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Police lose siege suppression fight

NZ NewswireNZ Newswire 29/07/2016

Four policemen have been shot after an incident on Onepu Springs Road, following what was believed to be a drug search, Kawerau © SNPA / Cameron Avery Four policemen have been shot after an incident on Onepu Springs Road, following what was believed to be a drug search, Kawerau Police have failed to keep secret the names of officers shot and wounded in an armed siege in the Bay of Plenty earlier this year.

A High Court judge says police haven't provided enough evidence to show naming the officers would adversely affect them after the stand off in Onepu in March.

Police were trying to keep secret the names of five officers in total.

Constable Regan Mauheni, Constable Damian White, Constable Andrew Flinn and Sergeant Logan Marsh are recovering from various wounds while Constable John Ure was also caught up in the shootings.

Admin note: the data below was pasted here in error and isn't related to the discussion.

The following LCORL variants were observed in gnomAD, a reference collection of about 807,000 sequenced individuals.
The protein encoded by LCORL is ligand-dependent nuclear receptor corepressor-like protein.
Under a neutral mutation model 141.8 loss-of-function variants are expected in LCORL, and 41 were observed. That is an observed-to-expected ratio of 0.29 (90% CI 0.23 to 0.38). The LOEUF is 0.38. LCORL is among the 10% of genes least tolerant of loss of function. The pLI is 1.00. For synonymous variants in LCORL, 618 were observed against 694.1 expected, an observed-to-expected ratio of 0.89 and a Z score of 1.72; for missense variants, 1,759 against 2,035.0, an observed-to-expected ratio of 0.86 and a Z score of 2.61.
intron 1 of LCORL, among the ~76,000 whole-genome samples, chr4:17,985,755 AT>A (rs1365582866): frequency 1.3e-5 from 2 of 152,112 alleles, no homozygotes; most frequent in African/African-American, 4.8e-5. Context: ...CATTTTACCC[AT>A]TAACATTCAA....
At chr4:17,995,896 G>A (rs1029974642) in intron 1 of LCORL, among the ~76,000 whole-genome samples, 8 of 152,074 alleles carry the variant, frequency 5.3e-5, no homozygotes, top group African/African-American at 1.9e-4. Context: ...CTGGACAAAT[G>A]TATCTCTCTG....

They were involved in the gunfight which took place after a cannabis-spotting plane was shot at north of Kawerau.

Rhys Warren, 27, has since been charged with attempted murder and using a firearm against police. The officers were initially granted interim name suppression by the District Court.

However, that was challenged by media companies Fairfax Media and NZME.

Earlier this month, lawyers for police argued naming the officers would affect their ability to do their jobs, harm their recovery and expose their children to comments from the community.

They also argued criminals could try to use the knowledge against them.

However, Justice Timothy Brewer says that while the officers' concerns are genuinely held there was no medical or psychological reports to back them up, or evidence criminals would use the incident against them.

"While I have every sympathy for the complainants, I cannot find that increased news media attention would be likely to cause them undue hardship."

Their names would come out on the first day of the trial and there was no suggestion permanent name suppression was justified.

Justice Brewer was also worried about the precedent continued suppression would set.

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